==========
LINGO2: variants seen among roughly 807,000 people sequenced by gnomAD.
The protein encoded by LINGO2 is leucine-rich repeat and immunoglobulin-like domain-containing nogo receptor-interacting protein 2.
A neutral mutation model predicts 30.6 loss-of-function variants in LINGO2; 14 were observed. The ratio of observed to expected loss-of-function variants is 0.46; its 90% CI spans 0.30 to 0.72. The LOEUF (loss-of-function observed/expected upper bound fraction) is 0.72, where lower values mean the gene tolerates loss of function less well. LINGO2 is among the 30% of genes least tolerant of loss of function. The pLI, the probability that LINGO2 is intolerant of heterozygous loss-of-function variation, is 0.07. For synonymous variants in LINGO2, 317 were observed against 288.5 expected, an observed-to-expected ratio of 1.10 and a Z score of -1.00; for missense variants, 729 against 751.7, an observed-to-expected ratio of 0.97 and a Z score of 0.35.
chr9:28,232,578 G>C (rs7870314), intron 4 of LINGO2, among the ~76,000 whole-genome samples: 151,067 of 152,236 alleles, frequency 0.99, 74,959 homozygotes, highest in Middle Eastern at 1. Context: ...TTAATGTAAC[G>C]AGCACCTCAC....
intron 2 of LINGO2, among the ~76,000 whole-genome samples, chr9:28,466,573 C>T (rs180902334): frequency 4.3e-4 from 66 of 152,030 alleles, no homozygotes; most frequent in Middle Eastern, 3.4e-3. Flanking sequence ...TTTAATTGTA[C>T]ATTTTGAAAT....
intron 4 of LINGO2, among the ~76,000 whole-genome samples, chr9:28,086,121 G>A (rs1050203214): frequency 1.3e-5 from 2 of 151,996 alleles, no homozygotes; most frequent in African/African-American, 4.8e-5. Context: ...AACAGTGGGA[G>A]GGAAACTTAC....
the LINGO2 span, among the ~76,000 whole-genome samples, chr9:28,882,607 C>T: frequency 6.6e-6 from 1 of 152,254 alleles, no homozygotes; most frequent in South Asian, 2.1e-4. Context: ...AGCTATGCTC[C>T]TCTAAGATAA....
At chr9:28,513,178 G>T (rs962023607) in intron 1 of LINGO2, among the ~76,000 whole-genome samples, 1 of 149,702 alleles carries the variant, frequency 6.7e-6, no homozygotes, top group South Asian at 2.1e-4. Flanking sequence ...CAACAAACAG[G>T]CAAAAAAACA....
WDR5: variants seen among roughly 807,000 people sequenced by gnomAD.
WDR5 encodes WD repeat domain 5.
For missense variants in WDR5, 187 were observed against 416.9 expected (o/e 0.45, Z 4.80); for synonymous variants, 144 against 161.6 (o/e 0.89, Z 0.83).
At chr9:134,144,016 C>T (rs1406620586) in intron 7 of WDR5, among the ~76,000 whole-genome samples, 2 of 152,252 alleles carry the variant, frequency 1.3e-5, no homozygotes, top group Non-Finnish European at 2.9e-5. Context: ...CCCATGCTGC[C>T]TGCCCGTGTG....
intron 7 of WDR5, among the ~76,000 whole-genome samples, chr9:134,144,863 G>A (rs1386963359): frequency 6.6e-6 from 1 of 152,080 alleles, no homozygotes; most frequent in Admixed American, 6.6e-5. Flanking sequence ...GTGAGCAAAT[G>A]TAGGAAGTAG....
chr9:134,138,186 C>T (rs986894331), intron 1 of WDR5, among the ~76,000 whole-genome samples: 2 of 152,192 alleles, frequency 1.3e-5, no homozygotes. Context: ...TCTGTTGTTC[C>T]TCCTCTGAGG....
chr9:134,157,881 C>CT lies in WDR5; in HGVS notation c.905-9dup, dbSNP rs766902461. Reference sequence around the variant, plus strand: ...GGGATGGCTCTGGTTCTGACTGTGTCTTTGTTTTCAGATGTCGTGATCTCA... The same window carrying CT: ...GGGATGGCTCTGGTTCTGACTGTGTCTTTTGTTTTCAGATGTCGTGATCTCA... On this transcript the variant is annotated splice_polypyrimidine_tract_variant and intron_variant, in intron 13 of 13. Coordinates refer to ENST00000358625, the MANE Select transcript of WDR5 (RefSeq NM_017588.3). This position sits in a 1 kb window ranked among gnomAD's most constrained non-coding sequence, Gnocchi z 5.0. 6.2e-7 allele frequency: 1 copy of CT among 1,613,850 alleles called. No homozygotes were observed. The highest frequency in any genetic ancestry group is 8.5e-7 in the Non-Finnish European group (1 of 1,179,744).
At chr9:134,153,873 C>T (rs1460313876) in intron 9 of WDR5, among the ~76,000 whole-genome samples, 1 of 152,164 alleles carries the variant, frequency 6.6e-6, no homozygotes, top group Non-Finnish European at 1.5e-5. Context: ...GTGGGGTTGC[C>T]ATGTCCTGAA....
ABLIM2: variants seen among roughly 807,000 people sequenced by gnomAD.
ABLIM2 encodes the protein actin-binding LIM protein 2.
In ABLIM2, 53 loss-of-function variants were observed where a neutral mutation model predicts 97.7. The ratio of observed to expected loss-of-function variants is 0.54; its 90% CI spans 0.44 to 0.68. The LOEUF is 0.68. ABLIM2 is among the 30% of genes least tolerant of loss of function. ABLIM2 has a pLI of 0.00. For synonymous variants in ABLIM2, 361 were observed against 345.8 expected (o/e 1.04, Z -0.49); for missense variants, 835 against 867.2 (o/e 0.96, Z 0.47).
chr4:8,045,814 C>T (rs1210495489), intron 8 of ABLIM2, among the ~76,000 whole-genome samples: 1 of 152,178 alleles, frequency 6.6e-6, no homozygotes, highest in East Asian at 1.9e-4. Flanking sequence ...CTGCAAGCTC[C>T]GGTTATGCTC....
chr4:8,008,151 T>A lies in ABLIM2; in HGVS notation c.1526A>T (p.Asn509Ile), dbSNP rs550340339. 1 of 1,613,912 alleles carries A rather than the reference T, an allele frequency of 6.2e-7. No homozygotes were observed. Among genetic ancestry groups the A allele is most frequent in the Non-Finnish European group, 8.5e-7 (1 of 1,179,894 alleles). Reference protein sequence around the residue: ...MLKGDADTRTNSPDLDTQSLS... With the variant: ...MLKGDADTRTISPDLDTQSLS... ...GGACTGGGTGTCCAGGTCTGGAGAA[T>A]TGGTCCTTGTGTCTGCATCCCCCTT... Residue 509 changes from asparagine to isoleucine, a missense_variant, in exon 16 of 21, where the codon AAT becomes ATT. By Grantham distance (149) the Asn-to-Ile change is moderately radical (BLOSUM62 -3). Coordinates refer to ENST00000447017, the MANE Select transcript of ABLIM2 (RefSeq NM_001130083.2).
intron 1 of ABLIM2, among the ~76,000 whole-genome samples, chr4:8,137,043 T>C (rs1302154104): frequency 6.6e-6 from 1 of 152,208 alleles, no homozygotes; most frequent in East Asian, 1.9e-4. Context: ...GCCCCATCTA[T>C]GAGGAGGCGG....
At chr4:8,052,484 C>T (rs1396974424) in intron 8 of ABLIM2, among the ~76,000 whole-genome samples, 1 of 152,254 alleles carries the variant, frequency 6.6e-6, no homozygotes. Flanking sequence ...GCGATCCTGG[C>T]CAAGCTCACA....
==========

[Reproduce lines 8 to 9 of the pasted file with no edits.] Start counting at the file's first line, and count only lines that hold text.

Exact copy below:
At chr9:28,513,178 G>T (rs962023607) in intron 1 of LINGO2, among the ~76,000 whole-genome samples, 1 of 149,702 alleles carries the variant, frequency 6.7e-6, no homozygotes, top group South Asian at 2.1e-4. Flanking sequence ...CAACAAACAG[G>T]CAAAAAAACA....
WDR5: variants seen among roughly 807,000 people sequenced by gnomAD.